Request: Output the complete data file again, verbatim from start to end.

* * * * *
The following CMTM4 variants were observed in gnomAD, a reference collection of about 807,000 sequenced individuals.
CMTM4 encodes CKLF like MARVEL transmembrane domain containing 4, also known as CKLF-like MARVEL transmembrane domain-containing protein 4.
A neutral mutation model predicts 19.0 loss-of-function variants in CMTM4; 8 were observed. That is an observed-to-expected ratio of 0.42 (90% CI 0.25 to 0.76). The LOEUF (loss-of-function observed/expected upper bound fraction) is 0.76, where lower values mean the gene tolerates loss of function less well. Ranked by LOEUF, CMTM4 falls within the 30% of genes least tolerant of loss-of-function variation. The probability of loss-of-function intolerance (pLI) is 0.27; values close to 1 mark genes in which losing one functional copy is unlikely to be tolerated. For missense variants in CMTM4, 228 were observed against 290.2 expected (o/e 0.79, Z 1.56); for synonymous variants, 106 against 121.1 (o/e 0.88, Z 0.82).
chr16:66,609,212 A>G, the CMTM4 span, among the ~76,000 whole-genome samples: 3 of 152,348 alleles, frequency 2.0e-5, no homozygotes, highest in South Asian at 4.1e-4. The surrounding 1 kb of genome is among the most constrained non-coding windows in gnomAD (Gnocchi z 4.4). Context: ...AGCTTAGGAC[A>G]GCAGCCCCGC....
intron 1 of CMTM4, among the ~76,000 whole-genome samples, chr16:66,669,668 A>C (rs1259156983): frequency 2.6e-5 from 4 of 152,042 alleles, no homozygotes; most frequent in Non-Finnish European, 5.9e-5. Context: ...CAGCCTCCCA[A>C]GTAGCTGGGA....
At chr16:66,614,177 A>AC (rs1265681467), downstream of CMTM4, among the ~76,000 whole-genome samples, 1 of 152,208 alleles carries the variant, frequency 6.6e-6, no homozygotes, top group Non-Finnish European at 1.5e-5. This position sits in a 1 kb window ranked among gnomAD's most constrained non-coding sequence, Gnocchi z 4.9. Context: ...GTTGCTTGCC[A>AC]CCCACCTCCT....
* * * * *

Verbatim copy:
The following CMTM4 variants were observed in gnomAD, a reference collection of about 807,000 sequenced individuals.
CMTM4 encodes CKLF like MARVEL transmembrane domain containing 4, also known as CKLF-like MARVEL transmembrane domain-containing protein 4.
A neutral mutation model predicts 19.0 loss-of-function variants in CMTM4; 8 were observed. That is an observed-to-expected ratio of 0.42 (90% CI 0.25 to 0.76). The LOEUF (loss-of-function observed/expected upper bound fraction) is 0.76, where lower values mean the gene tolerates loss of function less well. Ranked by LOEUF, CMTM4 falls within the 30% of genes least tolerant of loss-of-function variation. The probability of loss-of-function intolerance (pLI) is 0.27; values close to 1 mark genes in which losing one functional copy is unlikely to be tolerated. For missense variants in CMTM4, 228 were observed against 290.2 expected (o/e 0.79, Z 1.56); for synonymous variants, 106 against 121.1 (o/e 0.88, Z 0.82).
chr16:66,609,212 A>G, the CMTM4 span, among the ~76,000 whole-genome samples: 3 of 152,348 alleles, frequency 2.0e-5, no homozygotes, highest in South Asian at 4.1e-4. The surrounding 1 kb of genome is among the most constrained non-coding windows in gnomAD (Gnocchi z 4.4). Context: ...AGCTTAGGAC[A>G]GCAGCCCCGC....
intron 1 of CMTM4, among the ~76,000 whole-genome samples, chr16:66,669,668 A>C (rs1259156983): frequency 2.6e-5 from 4 of 152,042 alleles, no homozygotes; most frequent in Non-Finnish European, 5.9e-5. Context: ...CAGCCTCCCA[A>C]GTAGCTGGGA....
At chr16:66,614,177 A>AC (rs1265681467), downstream of CMTM4, among the ~76,000 whole-genome samples, 1 of 152,208 alleles carries the variant, frequency 6.6e-6, no homozygotes, top group Non-Finnish European at 1.5e-5. This position sits in a 1 kb window ranked among gnomAD's most constrained non-coding sequence, Gnocchi z 4.9. Context: ...GTTGCTTGCC[A>AC]CCCACCTCCT....